ALBUQUERQUE, N.M. (KRQE) – Many New Mexicans getting unemployment help through the pandemic were overpaid and may have to pay it back. The state’s Department of Workforce Solutions says it will soon offer waivers for people who were overpaid by mistake through Pandemic Unemployment Assistance, or PUA.
News 13 received calls and emails from people saying they got those notices for repayment and are shocked to see what they owe. For some, they said it’s tens of thousands of dollars.
“Since the pandemic started, we’re looking at a little over 20,000 people total,” Department of Workforce Solutions Cabinet Secretary Bill McCamley explained. “Now, many of those have already… paid their overpayments off.”
The department said the following reasons are the most common for overpayment: Failing to report gross earnings or other deductible income correctly. Claimants must report their earnings before deductions; continuing to receive Unemployment Insurance benefits after returning to work. Earnings must be reported in the week they are earned, not when they are received; failing to report all earnings from work while claiming benefits or failing to provide any other information that could affect the claim; being reinstated in a job with retroactive pay or back pay award after a grievance hearing; or being paid Unemployment Insurance benefits and later being disqualified because the claimant was deemed not eligible. “Most of the time, that is people putting in their gross wages that they’ve made overall over here, but then only paying taxes on their net wages,” McCamley said.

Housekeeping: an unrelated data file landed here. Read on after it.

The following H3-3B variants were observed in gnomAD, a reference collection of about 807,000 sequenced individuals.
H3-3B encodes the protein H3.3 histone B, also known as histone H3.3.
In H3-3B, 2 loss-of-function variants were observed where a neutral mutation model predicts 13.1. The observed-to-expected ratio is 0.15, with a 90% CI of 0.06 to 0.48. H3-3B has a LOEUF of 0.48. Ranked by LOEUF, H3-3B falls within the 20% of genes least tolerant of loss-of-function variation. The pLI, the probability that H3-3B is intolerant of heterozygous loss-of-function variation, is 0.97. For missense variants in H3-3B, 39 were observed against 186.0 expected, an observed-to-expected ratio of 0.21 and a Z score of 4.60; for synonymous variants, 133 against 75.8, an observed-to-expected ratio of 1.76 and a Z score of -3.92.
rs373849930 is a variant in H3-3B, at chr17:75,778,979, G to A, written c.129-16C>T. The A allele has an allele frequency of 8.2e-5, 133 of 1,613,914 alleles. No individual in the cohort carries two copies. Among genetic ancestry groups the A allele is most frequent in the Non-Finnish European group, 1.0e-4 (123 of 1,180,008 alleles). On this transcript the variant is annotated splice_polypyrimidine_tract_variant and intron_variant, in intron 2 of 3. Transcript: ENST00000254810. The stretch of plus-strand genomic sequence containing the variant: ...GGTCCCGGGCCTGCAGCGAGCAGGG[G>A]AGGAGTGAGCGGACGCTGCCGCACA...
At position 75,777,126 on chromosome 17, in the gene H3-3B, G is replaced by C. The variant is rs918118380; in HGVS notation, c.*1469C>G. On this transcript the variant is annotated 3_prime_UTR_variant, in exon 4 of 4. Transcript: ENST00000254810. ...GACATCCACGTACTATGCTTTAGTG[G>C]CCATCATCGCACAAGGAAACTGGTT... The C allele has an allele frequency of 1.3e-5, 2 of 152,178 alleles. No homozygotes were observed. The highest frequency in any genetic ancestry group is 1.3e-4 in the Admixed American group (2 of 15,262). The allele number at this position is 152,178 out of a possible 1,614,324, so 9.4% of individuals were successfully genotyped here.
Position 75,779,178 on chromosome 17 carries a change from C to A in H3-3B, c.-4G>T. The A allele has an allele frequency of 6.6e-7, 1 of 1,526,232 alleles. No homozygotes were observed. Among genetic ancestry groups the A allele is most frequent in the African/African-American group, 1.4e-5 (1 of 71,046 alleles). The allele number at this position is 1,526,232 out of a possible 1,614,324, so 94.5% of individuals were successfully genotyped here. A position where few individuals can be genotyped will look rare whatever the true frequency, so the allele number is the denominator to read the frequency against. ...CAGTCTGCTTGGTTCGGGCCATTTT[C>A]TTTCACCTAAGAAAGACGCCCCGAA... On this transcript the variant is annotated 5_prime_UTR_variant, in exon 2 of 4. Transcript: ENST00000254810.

People have up to 15 days to appeal if they think they were notified by mistake, but McCamley says more help is on the way for people with monetary issues with their claim. There’s a provision in a short-term relief bill passed by Congress that lets states waive PUA overpayments for people who qualify. “And if we agree that people meet those criteria – having financial hardship or it was an issue or not their fault and they can explain that – then we have the option to provide waivers to those people alone,” McCamley stated.
McCamley said the department is working on a way for people who collected too much unemployment to request those waivers, hopefully starting the week of March 22. Claimants will be sent a questionnaire to determine if they’re eligible.
More than 150,000 New Mexicans were on unemployment at one point in June, which is fifteen times the pre-pandemic levels. As that number has come down to just under 109,000 as of Thursday, the department said it finally had time to identify the overpayments.